Shawe's ministry at Rotherham was disturbed by the outbreak of the First English Civil War. On Sunday, 22 January 1643, Rotherham was attacked by an armed force, while Shawe was preaching, and he hid in the steeple. He fled to Kingston-upon-Hull, but, having preached there once, he was excluded by the governor Sir John Hotham as an extremist. Subsequently he preached before Ferdinando Fairfax, 2nd Lord Fairfax of Cameron at Selby. Returning to Rotherham, he was proclaimed a traitor and fined a thousand marks. On the taking of the town (4 May 1643) his wife was imprisoned, but Shawe, after hiding in cellars for three weeks, escaped to Manchester. Here he preached every Friday without pay, He accepted from Sir William Brereton the rectory of Lymm, Cheshire, but continued to reside in Manchester.

On the approach of Prince Rupert (June 1644), Shawe fled to Yorkshire. He was chaplain to the standing committee established after the surrender of York (16 July) for the government of the northern counties, preached in York at the taking of the Solemn League and Covenant (20 September 1644), and was scribe to the assembly of ministers which met weekly in the chapter-house at York to assist Fairfax in the work of expelling scandalous ministers. All the records of this assembly were kept by Shawe, who burned them when national affairs changed. Fairfax gave him the rectory of Scrayingham, East Riding; he preached there only a short time, and accepted a call to Hull, lecturing first at the low church (St. Mary's), then at the high church (Holy Trinity), with a stipend from the corporation, and a house. He lectured on Wednesdays and Sundays, and preached to the garrison. His parishioners petitioned parliament about his gathering a particular church. In 1646 he was at Newcastle-on-Tyne, as chaplain of the parliamentary commissioners to Charles I. In 1651, through the interest of Sir William Strickland, he was appointed master of the Charterhouse at Hull.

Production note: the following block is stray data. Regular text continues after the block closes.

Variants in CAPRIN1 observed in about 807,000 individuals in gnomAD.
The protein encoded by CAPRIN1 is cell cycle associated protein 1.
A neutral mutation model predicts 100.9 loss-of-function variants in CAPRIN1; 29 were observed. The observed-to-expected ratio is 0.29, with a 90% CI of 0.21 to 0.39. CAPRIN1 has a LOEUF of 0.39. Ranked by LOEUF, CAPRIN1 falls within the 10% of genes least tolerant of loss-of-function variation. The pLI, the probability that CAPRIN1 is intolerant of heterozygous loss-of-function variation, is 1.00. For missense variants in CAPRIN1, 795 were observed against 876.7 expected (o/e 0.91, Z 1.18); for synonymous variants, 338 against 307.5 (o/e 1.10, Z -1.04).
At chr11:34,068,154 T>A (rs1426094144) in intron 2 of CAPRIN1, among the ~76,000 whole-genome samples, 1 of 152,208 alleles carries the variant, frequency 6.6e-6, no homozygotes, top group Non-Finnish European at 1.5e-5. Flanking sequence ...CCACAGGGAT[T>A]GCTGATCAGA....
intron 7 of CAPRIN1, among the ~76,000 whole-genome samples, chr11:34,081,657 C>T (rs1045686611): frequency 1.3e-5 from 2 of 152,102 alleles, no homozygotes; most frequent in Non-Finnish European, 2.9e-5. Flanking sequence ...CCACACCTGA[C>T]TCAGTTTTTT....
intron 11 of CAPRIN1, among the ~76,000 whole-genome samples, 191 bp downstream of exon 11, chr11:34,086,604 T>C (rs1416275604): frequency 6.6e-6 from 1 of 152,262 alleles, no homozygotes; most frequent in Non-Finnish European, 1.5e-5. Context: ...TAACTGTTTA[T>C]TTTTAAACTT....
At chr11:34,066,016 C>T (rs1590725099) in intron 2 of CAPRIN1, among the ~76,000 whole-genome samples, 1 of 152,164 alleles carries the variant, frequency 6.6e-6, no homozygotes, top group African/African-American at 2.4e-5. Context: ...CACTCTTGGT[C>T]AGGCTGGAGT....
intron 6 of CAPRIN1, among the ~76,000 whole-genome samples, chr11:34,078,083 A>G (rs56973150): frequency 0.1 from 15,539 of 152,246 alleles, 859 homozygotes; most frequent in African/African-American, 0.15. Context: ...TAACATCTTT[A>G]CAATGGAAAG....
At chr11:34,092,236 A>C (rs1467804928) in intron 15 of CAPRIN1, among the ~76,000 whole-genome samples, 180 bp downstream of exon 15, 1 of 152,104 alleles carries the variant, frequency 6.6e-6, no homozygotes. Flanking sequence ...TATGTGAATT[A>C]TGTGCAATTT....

During the Protectorate he preached frequently at Whitehall and Hampton Court. Oliver Cromwell admired his preaching, and gave him a salary. He once preached before Richard Cromwell at Whitehall. In the early 1650s he clashed at Hull with John Canne, who denounced him as corrupt in a pamphlet.[3]